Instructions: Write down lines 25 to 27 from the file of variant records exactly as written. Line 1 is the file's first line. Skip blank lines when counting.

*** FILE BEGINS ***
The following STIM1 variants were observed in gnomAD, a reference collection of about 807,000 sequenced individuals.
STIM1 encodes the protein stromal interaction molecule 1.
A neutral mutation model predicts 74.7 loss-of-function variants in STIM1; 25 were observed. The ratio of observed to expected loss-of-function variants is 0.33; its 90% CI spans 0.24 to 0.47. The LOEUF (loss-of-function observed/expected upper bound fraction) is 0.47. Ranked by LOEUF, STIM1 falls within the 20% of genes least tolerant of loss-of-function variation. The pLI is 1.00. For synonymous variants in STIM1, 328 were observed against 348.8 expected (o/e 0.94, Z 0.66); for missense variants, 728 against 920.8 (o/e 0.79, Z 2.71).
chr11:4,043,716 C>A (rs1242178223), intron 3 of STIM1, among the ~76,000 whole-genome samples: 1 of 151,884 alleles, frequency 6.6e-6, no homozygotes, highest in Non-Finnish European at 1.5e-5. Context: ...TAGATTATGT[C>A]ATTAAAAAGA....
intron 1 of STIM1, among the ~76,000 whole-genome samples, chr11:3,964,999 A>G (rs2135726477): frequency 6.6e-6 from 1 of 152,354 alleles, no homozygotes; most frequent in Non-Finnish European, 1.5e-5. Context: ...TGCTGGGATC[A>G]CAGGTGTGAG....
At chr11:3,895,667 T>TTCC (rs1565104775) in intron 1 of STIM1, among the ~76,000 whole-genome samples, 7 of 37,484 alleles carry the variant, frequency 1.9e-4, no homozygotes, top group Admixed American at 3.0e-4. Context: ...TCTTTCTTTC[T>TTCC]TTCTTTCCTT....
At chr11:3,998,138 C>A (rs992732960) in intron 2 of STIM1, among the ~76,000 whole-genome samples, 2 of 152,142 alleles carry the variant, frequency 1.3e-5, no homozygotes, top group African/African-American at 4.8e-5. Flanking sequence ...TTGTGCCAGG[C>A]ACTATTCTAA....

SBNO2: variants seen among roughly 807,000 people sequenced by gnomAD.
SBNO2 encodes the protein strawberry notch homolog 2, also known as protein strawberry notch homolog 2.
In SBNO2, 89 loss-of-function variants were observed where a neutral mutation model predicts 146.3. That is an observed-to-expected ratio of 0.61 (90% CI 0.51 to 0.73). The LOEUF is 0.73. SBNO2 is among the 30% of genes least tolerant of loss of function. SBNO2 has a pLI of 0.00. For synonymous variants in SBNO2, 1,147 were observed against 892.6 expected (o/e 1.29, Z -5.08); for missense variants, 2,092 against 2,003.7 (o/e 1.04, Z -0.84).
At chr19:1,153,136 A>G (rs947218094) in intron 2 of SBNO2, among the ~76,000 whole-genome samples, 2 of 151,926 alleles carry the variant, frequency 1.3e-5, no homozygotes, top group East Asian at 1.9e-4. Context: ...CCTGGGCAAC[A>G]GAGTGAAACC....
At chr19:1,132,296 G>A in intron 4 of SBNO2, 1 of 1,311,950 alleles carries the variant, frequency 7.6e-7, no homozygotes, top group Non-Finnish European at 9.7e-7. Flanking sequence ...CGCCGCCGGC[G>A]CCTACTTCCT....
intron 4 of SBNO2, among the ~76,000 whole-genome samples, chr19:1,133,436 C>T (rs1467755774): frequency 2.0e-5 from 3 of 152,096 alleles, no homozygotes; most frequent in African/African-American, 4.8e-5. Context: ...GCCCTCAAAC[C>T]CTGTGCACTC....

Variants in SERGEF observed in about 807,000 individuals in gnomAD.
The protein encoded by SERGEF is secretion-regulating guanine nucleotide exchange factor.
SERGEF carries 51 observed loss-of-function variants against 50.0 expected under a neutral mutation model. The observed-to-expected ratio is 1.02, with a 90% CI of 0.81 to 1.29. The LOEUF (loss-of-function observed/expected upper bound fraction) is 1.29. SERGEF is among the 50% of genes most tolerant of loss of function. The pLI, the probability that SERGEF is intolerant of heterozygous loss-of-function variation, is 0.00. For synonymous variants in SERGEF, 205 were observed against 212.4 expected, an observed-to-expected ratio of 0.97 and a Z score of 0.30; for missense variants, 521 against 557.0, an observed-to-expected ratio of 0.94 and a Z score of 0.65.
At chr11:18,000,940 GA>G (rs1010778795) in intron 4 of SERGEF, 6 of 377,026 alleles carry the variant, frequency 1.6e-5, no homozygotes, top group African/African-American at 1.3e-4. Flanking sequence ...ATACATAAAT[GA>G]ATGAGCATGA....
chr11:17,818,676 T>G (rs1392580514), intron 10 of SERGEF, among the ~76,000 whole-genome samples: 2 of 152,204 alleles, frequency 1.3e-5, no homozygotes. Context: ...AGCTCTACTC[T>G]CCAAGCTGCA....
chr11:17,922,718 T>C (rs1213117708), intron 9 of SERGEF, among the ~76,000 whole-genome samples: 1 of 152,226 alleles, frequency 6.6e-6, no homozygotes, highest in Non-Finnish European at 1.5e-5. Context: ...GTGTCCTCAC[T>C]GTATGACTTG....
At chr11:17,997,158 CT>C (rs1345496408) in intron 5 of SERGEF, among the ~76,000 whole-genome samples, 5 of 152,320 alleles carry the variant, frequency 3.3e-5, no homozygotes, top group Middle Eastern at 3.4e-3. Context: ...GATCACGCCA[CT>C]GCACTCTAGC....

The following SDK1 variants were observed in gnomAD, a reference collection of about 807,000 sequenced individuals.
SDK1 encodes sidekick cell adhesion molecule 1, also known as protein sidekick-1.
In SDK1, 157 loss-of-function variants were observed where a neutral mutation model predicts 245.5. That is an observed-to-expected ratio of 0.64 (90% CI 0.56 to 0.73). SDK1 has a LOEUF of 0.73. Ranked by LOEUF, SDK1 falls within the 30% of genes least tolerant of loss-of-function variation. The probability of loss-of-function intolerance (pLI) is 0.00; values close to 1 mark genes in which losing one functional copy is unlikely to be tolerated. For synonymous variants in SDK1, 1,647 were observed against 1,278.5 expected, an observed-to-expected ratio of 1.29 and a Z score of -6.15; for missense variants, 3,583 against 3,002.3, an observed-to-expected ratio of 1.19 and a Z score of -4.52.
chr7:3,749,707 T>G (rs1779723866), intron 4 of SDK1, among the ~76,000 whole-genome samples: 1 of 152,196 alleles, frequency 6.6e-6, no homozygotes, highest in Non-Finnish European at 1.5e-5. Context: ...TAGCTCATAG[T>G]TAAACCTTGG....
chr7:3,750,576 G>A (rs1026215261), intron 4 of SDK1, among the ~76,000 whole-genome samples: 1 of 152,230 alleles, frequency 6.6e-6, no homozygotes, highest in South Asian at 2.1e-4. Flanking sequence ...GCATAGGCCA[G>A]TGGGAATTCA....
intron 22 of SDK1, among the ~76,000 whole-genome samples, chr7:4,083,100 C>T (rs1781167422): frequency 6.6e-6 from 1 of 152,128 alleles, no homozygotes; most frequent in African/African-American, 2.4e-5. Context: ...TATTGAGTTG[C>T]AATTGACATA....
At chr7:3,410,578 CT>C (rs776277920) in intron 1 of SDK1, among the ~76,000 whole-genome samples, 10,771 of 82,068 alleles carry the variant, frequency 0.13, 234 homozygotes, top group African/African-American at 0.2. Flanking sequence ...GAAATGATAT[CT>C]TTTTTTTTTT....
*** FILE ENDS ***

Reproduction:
chr7:3,750,576 G>A (rs1026215261), intron 4 of SDK1, among the ~76,000 whole-genome samples: 1 of 152,230 alleles, frequency 6.6e-6, no homozygotes, highest in South Asian at 2.1e-4. Flanking sequence ...GCATAGGCCA[G>A]TGGGAATTCA....
intron 22 of SDK1, among the ~76,000 whole-genome samples, chr7:4,083,100 C>T (rs1781167422): frequency 6.6e-6 from 1 of 152,128 alleles, no homozygotes; most frequent in African/African-American, 2.4e-5. Context: ...TATTGAGTTG[C>T]AATTGACATA....
At chr7:3,410,578 CT>C (rs776277920) in intron 1 of SDK1, among the ~76,000 whole-genome samples, 10,771 of 82,068 alleles carry the variant, frequency 0.13, 234 homozygotes, top group African/African-American at 0.2. Flanking sequence ...GAAATGATAT[CT>C]TTTTTTTTTT....